After the excellent articles on Alf Engers competition record published on VeloVeritas, specifically Part 2, but also Part 1, I thought I should try to recall my memories of that day away back in 1978. By Jeremy Greengrass.
At 14 years old it’s not often that you can say that “I was there” but I was.
It was my first proper racing season and I was building towards doing a decent ride in the unofficial British Schoolboy Championship, George Herbert Stancer 10 mile TT (herein after referred to as the 16km Individual Road Pursuit) in early September.
I’d qualified third fastest for that in the Eastern District Heat having broken my collarbone four weeks previously and eventually finished in eighth place that year. Looking back on it I think I peaked about four weeks too soon, anyway – I digress.
Rather unscientifically, I’d ridden myself into some decent form over the summer and a couple of weeks prior to the Unity CC 25 (40km IRP) a 57 minute ride gave me a reasonable shout of getting into the event, so when the start sheet landed on my doormat I scanned to see where I would start, mainly because that would determine how early I’d need to crawl out of my pit to make the two hour journey to Witham in Essex from Norwich.
The good news, I was off at number 114 which only meant getting out of bed at 4:00 am for a 7:54 am start.
The bad news, Alf Engers was only six minutes behind me!
All things being equal that meant he wouldn’t catch me until somewhere towards the end of the return leg.
The E72 course was based on the rolling A12 dual carriageway, one of the main roads into North East London at the time, it had a reputation as a “fast course” which let’s make no bones about it should read “drag strip” and down purely to the volume of traffic which travelled on it.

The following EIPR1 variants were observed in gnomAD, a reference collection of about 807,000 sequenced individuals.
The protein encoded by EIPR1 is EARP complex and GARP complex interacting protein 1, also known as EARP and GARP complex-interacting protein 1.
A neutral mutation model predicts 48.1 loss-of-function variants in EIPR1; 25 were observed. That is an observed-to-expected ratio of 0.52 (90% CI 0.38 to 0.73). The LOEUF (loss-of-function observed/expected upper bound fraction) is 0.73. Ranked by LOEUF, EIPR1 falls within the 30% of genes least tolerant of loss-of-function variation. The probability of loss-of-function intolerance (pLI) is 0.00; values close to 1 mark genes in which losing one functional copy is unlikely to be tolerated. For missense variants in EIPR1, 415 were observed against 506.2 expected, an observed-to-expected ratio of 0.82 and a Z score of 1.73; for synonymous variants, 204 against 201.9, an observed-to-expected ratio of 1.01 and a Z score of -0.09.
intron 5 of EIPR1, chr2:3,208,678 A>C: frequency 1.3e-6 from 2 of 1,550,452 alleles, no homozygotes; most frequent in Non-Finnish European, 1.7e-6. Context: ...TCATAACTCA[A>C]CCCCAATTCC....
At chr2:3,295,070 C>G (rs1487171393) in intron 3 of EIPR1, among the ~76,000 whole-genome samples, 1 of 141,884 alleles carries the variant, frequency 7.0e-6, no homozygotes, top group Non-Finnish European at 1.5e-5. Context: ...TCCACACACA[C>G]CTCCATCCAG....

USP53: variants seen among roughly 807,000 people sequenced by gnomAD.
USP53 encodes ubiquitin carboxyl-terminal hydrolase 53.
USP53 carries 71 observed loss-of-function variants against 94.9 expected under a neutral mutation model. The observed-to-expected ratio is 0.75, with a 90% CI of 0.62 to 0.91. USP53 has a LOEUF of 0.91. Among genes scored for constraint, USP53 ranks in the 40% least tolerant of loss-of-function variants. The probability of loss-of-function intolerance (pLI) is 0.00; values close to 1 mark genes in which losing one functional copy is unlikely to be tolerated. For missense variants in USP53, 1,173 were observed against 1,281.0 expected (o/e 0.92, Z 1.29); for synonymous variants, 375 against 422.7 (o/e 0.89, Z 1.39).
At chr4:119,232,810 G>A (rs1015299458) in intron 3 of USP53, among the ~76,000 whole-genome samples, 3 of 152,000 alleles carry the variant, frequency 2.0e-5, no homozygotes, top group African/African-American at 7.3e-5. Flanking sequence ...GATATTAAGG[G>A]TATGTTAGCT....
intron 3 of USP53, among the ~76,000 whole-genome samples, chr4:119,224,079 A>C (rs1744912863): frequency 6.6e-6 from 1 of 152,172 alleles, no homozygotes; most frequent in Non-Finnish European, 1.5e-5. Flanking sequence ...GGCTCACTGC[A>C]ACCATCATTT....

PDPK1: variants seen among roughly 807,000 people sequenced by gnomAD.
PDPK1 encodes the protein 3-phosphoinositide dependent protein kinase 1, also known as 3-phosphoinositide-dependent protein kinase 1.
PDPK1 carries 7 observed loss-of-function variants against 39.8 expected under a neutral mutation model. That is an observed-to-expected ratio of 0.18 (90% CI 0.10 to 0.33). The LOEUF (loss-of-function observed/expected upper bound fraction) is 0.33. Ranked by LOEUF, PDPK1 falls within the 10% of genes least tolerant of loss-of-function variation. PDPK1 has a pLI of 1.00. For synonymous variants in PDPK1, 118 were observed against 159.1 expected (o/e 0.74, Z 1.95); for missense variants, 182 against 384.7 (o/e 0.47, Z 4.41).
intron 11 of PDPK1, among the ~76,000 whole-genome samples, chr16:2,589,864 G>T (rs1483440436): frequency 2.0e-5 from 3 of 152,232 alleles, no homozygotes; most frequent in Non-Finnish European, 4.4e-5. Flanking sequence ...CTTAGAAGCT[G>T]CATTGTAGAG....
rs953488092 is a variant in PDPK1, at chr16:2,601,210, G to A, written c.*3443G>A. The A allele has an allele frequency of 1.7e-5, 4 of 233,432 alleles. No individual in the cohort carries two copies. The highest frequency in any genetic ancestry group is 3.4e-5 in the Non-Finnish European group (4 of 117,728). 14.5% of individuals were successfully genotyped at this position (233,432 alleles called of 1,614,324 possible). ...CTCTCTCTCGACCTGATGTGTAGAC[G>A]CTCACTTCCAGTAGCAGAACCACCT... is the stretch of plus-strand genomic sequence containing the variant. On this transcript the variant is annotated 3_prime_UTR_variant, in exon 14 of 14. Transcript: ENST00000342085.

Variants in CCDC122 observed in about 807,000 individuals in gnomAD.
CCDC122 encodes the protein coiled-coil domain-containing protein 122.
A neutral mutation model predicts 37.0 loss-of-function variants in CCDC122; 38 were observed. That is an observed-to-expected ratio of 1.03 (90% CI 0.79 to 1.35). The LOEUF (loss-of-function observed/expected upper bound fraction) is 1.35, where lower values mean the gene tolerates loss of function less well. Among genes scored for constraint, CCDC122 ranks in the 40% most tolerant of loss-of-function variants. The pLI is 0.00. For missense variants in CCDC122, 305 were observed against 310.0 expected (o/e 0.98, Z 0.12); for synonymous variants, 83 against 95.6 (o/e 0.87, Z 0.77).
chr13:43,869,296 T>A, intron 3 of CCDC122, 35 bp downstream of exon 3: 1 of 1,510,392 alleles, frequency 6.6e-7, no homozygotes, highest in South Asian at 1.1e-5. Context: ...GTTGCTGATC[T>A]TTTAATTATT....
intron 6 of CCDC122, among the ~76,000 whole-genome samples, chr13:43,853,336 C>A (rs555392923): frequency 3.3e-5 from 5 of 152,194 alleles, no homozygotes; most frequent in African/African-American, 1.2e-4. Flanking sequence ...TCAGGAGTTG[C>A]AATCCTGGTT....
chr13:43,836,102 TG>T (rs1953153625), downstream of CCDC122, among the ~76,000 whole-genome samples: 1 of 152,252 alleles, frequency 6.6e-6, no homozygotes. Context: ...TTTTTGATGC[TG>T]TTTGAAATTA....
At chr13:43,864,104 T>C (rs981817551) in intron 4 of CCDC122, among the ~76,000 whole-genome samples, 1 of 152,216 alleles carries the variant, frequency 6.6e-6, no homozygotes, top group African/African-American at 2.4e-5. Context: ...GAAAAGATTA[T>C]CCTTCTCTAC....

The course has long since been abandoned as being too dangerous. I’d ridden it once before and looking back at it, even on a Sunday morning the route was choked with articulated lorries.
I really should have reported my old man to the social services for letting me ride on there. There’s no way I’d consider doing that now at 47 let alone 14, my boys certainly won’t be doing anything like that.
The course itself took advantage of the RTTC rule which meant that the finish had to be within a mile of the start, on this course what it meant was the outward leg was considerably longer than the return which as it turned out was a major advantage on that day.
On 5th August 1978 the wind was coming from the South West which meant that outward leg had a tail wind leaving only the final 16km or so into the wind.
As usual my Dad got me to the HQ with just over an hour to my start time and we went through the usual routine, as I collected my number I had a sneaky look to see if 120 had been taken yet, it had, just in front of me.
There he was Alf, “the King” ear-ring glistening, just ahead of me.
He didn’t look all that, but on closer inspection it was apparent he was wiry strong and had the classic gaunt look of a man who was ultra fit or maybe having read articles since, knackered from having worked all night at the bakery. I prefer to think it was the former.
Even at that age I was aware of Alf’s legendary status and how the RTTC seemed to have a vendetta against him.
I’d been at a couple of events where he’d ripped the field to shreds and recall my Dad telling the story of seeing Alf approaching a roundabout on the A1 in the middle of the carriageway sit up to grab the now infamous brake levers in an attempt to make the turn, there was no doubt he had an aura around him.